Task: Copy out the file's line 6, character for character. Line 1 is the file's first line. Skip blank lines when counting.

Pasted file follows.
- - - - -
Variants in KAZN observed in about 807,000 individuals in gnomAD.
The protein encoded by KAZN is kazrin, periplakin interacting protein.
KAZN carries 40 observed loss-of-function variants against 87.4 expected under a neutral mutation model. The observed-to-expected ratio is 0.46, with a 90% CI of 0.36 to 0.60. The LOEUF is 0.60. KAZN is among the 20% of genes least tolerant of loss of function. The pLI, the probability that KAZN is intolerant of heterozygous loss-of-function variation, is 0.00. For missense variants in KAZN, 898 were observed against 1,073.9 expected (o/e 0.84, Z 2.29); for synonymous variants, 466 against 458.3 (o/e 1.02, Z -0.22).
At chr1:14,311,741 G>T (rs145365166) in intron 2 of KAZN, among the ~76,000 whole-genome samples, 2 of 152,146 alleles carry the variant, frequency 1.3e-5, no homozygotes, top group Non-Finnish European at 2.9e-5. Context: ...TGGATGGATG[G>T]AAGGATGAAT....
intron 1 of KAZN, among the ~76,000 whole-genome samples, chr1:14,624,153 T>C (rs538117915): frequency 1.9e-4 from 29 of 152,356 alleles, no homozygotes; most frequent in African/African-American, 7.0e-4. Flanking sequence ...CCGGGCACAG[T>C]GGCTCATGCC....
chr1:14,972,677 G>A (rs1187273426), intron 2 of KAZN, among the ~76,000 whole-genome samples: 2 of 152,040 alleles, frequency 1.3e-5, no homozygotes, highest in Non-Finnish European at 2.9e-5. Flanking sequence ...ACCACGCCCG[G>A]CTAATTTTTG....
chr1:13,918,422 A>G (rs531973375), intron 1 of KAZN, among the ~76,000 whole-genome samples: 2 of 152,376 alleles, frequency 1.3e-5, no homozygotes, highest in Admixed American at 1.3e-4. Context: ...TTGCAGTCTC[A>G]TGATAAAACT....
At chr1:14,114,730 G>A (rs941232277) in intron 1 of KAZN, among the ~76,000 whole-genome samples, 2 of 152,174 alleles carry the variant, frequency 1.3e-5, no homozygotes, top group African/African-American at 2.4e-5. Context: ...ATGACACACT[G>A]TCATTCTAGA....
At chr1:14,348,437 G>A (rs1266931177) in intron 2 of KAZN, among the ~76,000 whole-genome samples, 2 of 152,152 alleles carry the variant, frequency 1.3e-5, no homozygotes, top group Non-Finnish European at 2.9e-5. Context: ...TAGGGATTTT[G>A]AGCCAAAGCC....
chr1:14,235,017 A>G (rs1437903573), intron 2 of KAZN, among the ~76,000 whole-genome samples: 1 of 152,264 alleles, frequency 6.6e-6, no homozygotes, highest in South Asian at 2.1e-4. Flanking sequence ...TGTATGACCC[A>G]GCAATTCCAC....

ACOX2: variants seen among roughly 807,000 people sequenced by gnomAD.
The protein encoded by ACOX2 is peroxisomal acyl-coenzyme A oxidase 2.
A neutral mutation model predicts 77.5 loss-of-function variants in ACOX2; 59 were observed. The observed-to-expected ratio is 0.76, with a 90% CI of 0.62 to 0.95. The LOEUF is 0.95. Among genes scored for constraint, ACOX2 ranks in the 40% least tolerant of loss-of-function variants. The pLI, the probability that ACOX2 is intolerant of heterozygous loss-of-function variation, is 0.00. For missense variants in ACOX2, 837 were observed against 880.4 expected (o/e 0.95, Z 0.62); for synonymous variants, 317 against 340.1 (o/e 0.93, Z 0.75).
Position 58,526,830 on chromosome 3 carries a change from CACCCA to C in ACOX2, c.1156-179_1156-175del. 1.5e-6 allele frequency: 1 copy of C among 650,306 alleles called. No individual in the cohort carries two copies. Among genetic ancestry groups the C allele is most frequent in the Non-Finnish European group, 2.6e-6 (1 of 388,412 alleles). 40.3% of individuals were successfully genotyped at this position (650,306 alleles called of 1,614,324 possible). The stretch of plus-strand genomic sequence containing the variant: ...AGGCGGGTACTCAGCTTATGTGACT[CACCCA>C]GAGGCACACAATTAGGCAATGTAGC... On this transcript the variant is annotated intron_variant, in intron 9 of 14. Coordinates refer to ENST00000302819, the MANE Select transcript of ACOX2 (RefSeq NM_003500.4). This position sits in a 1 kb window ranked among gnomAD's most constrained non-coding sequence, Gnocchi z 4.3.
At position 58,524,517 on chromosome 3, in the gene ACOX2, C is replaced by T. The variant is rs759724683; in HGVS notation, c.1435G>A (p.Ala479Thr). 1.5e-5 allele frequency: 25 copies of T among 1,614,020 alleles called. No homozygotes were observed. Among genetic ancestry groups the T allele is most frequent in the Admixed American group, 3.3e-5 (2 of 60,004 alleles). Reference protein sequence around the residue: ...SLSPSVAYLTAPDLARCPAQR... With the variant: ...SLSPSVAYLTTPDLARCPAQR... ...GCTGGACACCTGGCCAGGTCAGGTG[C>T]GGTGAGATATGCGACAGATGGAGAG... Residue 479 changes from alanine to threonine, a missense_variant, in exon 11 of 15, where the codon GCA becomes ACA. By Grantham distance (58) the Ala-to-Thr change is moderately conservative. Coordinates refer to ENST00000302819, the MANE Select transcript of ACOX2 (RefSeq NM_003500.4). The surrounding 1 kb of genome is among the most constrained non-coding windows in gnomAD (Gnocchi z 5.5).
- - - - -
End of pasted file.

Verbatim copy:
chr1:14,972,677 G>A (rs1187273426), intron 2 of KAZN, among the ~76,000 whole-genome samples: 2 of 152,040 alleles, frequency 1.3e-5, no homozygotes, highest in Non-Finnish European at 2.9e-5. Flanking sequence ...ACCACGCCCG[G>A]CTAATTTTTG....